When it comes to computer security, I used to pride myself on being pretty savvy. That self-assuredness shattered when I had the daunting task of replacing my wife’s computer. The moment revealed to me a shocking truth about my own security ignorance.

Her ancient machine wasn’t quite dead, but it was gasping for life. I had already been forced to replace the motherboard battery because it was forgetting all its settings between startups. That only bought me a month of peace.  Now it was displaying overtemp warnings immediately on start-up.

My wife is no longer a dedicated gamer, having found a far less judgmental crowd in the canine Agility community. This shift to a more physically active hobby, allowed me to embrace my inner penny-pincher and opt for a refurbished computer from Amazon. Sure, it’s a gamble, slightly riskier than buying brand new, and you’re not exactly getting the cream of the tech crop. Yet, the allure of saving money was irresistible, and Amazon’s warranty offered a safety net that was hard to ignore.

My workshop computer

Nor was this my first refurbished computer. With the laser engraver and CNC, I was already using one in in my workshop. Thanks to this one, I knew the solid-state drives used in these computers are as cheap as they come. Likewise, my wife’s photography hobby required a lot of storage. I would replace her drive immediately with a two-terabyte drive identical to the one already in use by my wife.

When I embark on building up a new computer, I always use a new drive and never, ever, touch the old drive. This philosophy has save me countless times. For this transfer, I chose to use EaseUS Todo PCTrans. It offered to transfer both programs and data seamlessly. Of course, “seamlessly” meant I still had to buy a number of new software licenses.

I bear the blame for the chaos that ensued. That and a short window of time while my wife was at a dog show. Reading the PCTrans instructions a little closer might have avoided a lot of frustration. In my attempt to transfer data, I accidentally created two incomplete user profiles on the new drive. Trying to salvage the situation, I merged one profile into the other, resulting in lost passwords and cookies. The issue came to a head when, days later, my wife noticed several passwords were missing from her browser.

We use KeePass as a password manager. It’s free, available for a number of platforms and the database is portable. Despite our reliance on the password manager, the ease with which browsers suggest saving passwords had lulled us into a false sense of security and we did occasionally use the browser to store passwords. Confronted with the missing passwords dilemma, I could hardly lecture her when I was guilty of the same oversight.

In a bid to recover the lost passwords, I turned to her old computer (once again my philosophy pays off), fully expecting to need Wireshark to extract passwords. The solution, however, was embarrassingly simple, so much so that I vowed never to trust a browser with my passwords again.

This isn’t a tutorial for every browser variant out there, but the process is startlingly similar across the board. Whether it’s Chrome, a Chrome offshoot like Vivaldi (my browser choice), or Firefox, navigating to the security and passwords section of the settings laid bare a shocking revelation: all her passwords, stored in PLAIN TEXT for anyone with access to see. The ease with which I retrieved every lost password—and then some—was a wake-up call.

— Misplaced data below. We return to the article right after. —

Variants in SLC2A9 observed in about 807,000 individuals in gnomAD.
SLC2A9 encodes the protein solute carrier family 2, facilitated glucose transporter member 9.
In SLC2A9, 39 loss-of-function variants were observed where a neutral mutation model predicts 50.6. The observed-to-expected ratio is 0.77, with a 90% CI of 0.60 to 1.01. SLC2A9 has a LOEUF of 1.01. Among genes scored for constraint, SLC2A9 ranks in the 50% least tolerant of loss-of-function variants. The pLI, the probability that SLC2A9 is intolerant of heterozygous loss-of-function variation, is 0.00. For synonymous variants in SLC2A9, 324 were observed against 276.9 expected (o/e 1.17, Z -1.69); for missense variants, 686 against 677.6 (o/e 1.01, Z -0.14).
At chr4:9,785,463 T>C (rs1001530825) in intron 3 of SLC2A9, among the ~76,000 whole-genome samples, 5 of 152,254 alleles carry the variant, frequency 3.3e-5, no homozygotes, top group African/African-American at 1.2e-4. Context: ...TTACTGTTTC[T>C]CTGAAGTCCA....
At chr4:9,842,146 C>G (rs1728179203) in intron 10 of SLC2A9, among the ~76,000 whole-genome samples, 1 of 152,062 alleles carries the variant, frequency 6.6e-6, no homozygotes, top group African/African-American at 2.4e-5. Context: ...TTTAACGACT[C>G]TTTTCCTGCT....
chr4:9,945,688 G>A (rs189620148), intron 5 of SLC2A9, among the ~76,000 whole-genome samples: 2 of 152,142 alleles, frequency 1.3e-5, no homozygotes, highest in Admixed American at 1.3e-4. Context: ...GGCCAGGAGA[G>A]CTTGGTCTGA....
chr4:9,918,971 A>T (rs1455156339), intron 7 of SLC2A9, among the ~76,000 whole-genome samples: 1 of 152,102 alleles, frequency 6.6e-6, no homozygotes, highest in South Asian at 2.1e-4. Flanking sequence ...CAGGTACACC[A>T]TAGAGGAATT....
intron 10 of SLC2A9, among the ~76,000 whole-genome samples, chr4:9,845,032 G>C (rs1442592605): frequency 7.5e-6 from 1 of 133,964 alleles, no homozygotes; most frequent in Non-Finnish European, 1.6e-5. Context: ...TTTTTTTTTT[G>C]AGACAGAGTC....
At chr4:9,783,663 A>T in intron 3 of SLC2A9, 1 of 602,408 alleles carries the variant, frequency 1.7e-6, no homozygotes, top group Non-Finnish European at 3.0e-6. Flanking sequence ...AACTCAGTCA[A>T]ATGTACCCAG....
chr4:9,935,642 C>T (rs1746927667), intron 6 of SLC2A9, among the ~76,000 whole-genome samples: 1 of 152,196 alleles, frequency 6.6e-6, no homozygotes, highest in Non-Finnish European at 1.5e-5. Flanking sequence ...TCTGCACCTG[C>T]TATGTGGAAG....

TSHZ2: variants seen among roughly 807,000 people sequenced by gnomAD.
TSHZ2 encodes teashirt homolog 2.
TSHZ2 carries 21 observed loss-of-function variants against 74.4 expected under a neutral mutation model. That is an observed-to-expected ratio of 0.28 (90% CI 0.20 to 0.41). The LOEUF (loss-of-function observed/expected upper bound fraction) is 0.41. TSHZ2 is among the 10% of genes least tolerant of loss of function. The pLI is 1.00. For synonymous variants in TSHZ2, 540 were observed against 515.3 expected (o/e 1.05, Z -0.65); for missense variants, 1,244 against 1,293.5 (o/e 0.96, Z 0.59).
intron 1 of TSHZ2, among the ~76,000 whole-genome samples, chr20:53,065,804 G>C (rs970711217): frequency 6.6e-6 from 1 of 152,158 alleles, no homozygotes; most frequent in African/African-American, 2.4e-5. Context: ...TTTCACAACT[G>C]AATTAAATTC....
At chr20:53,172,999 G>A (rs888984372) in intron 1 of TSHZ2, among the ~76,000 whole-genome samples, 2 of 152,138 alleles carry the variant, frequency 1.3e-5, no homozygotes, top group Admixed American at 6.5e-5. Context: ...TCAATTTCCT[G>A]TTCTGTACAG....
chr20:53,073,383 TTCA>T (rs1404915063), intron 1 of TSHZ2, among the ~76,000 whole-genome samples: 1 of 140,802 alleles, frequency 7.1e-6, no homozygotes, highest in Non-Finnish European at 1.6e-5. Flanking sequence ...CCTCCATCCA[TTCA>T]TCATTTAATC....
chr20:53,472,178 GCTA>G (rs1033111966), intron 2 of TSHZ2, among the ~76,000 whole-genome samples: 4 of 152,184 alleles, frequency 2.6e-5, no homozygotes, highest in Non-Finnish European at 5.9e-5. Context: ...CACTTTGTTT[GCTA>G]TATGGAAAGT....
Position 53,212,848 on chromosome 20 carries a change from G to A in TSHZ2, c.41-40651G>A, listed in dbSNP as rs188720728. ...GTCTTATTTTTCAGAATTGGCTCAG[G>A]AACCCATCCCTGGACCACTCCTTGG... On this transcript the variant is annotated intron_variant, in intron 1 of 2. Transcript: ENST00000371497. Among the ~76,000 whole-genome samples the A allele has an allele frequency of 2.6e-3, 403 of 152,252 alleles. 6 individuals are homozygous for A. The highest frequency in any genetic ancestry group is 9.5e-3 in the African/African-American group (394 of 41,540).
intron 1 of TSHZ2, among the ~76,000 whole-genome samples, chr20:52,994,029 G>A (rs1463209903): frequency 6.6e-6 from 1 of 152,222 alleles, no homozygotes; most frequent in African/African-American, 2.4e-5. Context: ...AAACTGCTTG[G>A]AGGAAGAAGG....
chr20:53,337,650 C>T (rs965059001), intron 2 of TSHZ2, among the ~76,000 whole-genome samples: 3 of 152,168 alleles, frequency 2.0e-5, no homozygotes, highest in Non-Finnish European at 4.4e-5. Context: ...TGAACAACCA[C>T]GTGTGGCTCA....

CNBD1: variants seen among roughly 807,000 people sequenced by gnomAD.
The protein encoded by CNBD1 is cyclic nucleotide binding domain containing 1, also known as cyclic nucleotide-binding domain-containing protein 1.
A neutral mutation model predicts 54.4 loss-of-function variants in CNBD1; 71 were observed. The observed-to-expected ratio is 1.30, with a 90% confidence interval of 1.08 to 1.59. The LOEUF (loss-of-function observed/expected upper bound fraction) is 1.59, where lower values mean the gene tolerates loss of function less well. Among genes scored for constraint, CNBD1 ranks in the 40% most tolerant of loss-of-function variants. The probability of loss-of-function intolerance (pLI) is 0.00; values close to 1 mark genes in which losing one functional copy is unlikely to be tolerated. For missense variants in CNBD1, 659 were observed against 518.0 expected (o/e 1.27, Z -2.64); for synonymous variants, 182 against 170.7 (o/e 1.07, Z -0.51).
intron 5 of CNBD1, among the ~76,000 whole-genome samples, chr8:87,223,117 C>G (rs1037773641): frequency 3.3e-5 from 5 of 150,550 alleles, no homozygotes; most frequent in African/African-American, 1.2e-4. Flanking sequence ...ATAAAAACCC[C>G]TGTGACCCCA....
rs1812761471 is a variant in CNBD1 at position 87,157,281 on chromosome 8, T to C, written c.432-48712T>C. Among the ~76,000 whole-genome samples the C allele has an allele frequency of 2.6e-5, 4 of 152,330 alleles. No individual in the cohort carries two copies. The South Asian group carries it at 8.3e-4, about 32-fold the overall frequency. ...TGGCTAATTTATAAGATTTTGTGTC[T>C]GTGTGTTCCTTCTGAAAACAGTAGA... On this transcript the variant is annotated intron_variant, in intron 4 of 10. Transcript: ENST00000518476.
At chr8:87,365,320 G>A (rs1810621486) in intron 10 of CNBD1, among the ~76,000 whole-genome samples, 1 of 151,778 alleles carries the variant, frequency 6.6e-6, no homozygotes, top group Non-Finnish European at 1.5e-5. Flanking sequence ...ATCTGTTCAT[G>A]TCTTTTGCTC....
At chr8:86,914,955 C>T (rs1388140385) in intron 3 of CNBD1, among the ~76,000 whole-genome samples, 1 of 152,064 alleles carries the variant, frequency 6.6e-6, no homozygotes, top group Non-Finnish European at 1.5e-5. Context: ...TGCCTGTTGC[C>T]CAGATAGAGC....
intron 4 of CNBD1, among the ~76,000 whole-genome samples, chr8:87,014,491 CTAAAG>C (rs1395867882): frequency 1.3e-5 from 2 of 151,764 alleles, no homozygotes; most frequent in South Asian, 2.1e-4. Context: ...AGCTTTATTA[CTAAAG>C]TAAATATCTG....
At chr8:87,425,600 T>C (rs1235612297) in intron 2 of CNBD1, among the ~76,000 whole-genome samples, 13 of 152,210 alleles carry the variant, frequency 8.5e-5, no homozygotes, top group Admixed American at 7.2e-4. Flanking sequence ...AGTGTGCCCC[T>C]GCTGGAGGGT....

I’ve also tried this on Edge (must be signed into your Microsoft account) and Safari. Safari actually asked me for the computer password. I suspect that like Edge, you have be signed into your Google account to see your Chrome passwords but Google has made it incredibly difficult to sign out of your account.

A bad day in the making!

Is this easy access to your passwords a genuine security risk? It might not seem so at first, considering someone would need access to your device. But then, how many of us diligently lock our computers every time we step away? And who among us hasn’t left their device unguarded, however briefly? The thought alone is enough to send shivers down your spine.

More alarming still is the potential for someone to gain complete insight into your digital life if your passwords are predictable or themed. This realization struck a chord with me, highlighting a glaring vulnerability in what I had believed was a reasonably secure system. If you’re anything like me, this might be a sobering moment, but not necessarily a cause for panic, provided you’ve taken basic security measures, two factor authentication, never storing credit card data with a site and strong passwords. For those with a more lax approach to computer security, however, this could be a harrowing wake-up call.

Consequently, we’ve drastically reduced our reliance on browsers for password storage, making an exception only for inconsequential sites. For everything else, we’ve used our password manager, creating complex, hacker-proof passwords. This incident was a humble reminder of the constant vigilance required in safeguarding our digital lives, underscoring that security is not just about the measures in place, but also about our everyday practices and awareness.

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